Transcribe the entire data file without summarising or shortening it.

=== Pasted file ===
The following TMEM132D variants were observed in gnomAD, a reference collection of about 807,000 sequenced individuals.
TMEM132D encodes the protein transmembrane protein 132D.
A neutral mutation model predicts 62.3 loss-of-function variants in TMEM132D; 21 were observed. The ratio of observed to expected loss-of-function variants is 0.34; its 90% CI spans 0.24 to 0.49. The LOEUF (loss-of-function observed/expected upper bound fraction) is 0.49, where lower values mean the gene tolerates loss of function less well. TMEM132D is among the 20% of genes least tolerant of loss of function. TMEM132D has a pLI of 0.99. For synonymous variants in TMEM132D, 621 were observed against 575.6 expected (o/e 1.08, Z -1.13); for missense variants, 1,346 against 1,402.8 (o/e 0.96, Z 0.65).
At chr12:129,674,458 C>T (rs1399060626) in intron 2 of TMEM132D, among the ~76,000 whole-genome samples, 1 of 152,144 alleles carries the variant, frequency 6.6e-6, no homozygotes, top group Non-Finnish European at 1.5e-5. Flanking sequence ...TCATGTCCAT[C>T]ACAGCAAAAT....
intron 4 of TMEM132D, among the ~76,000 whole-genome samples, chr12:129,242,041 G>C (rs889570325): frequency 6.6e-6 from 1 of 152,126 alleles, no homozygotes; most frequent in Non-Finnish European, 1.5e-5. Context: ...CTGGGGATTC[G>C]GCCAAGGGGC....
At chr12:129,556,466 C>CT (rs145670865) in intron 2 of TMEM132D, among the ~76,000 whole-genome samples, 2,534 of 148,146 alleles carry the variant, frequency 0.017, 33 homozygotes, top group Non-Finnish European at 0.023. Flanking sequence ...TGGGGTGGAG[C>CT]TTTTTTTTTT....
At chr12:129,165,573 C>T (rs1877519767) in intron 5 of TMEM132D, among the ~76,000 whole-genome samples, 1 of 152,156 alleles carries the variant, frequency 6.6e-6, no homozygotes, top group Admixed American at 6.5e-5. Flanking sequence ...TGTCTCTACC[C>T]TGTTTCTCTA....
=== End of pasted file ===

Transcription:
The following TMEM132D variants were observed in gnomAD, a reference collection of about 807,000 sequenced individuals.
TMEM132D encodes the protein transmembrane protein 132D.
A neutral mutation model predicts 62.3 loss-of-function variants in TMEM132D; 21 were observed. The ratio of observed to expected loss-of-function variants is 0.34; its 90% CI spans 0.24 to 0.49. The LOEUF (loss-of-function observed/expected upper bound fraction) is 0.49, where lower values mean the gene tolerates loss of function less well. TMEM132D is among the 20% of genes least tolerant of loss of function. TMEM132D has a pLI of 0.99. For synonymous variants in TMEM132D, 621 were observed against 575.6 expected (o/e 1.08, Z -1.13); for missense variants, 1,346 against 1,402.8 (o/e 0.96, Z 0.65).
At chr12:129,674,458 C>T (rs1399060626) in intron 2 of TMEM132D, among the ~76,000 whole-genome samples, 1 of 152,144 alleles carries the variant, frequency 6.6e-6, no homozygotes, top group Non-Finnish European at 1.5e-5. Flanking sequence ...TCATGTCCAT[C>T]ACAGCAAAAT....
intron 4 of TMEM132D, among the ~76,000 whole-genome samples, chr12:129,242,041 G>C (rs889570325): frequency 6.6e-6 from 1 of 152,126 alleles, no homozygotes; most frequent in Non-Finnish European, 1.5e-5. Context: ...CTGGGGATTC[G>C]GCCAAGGGGC....
At chr12:129,556,466 C>CT (rs145670865) in intron 2 of TMEM132D, among the ~76,000 whole-genome samples, 2,534 of 148,146 alleles carry the variant, frequency 0.017, 33 homozygotes, top group Non-Finnish European at 0.023. Flanking sequence ...TGGGGTGGAG[C>CT]TTTTTTTTTT....
At chr12:129,165,573 C>T (rs1877519767) in intron 5 of TMEM132D, among the ~76,000 whole-genome samples, 1 of 152,156 alleles carries the variant, frequency 6.6e-6, no homozygotes, top group Admixed American at 6.5e-5. Flanking sequence ...TGTCTCTACC[C>T]TGTTTCTCTA....